Sydney, Australia, Oct 30 (EFE).- Australian officials said Monday that negotiations for a free trade agreement with the European Union have stalled due to the controversy surrounding the designations of origin of some products and the entry of Australian agricultural products to the European market.
European Commissioner for An Economy that Works for People, Valdis Dombrovskis, attends a debate on ‘EU-China trade relations’ at the European Parliament in Strasbourg, France, 03 October 2023. EFE-EPA FILE/JULIEN WARNAND
Trade Minister Don Farrell had traveled to the Japanese city of Osaka, where the G7 Trade Ministers’ meeting is being held, over the weekend to hold parallel talks with his European counterpart, Valdis Dombrovskis, with the aim of finalizing the trade agreement.
“Unfortunately we have not been able to make progress,” Farrell said in a statement Monday, insisting that his job is to “get the best deal that we can for our producers, our businesses, our workers, and our consumers.”
“Negotiations will continue, and I am hopeful that one day we will sign a deal that benefits both Australia and our European friends,” the minister said.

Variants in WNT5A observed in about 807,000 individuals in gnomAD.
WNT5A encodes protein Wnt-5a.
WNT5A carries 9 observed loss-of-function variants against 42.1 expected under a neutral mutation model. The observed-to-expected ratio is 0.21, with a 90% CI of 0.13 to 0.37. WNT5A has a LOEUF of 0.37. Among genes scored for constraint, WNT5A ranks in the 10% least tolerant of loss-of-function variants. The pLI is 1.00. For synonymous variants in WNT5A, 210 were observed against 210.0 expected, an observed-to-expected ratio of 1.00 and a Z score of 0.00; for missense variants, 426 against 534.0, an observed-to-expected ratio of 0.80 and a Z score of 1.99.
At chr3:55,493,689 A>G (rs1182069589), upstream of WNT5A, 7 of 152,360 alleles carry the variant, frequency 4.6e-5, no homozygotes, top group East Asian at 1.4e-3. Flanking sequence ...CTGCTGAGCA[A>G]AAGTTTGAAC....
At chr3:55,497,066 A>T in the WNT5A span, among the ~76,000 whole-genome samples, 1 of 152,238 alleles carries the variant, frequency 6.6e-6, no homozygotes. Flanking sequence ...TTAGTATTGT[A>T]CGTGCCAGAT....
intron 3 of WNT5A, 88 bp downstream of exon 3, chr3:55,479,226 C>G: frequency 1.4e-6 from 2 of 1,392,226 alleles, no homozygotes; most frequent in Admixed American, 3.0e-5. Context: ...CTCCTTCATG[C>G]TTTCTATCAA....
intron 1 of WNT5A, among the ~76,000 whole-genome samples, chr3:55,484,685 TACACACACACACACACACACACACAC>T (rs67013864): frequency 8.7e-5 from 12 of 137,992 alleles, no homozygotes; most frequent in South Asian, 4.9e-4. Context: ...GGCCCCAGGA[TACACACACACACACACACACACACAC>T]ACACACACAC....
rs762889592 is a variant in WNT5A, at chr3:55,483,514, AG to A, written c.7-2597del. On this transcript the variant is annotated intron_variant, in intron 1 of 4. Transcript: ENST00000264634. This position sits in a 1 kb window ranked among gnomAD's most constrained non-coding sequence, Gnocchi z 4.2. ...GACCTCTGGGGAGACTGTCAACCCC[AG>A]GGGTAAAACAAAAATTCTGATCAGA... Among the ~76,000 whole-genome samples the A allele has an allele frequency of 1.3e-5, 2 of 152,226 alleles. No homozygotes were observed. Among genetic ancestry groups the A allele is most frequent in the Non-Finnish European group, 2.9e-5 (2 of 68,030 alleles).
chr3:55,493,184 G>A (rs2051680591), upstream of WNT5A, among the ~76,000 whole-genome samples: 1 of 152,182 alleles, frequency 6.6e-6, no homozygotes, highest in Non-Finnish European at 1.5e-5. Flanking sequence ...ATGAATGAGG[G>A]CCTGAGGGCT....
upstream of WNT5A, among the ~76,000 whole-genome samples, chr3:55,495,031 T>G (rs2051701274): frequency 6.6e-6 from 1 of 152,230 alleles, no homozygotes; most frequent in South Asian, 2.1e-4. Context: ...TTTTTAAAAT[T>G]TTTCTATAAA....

The negotiations for this agreement are long and thorny due to Australia’s demand to continue calling a sparkling white wine and a white cheese produced in the Oceanian country “prosecco” and “feta,” despite the fact that they are European protected designations of origin.
Divergences between Australia and the EU also focused on the access of Australian agricultural products such as sugar to the European market, which covers more than 445 million potential consumers.
Australia’s Minister for Agriculture Murray Watt told public broadcaster ABC on Monday that the EU has not significantly modified its position and he considered that it will take “quite some time” for the parties to be able to come to a deal, partly due to the Europe’s looming 2024 election cycle .
Bilateral trade between Australia and the EU, the country’s second trading partner, reached AU$108.8 billion ($69 billion) in 2022, according to official data.
Australia, which has China as its main trading partner, intensified the diversification of its trade to countries and blocs such India and the EU as a result of the problems arising from the bans on its exports imposed by Beijing in 2020.
Australia and the EU began negotiating an FTA in 2018, at the same time as New Zealand and the European bloc, which finalized their trade pact in July. EFE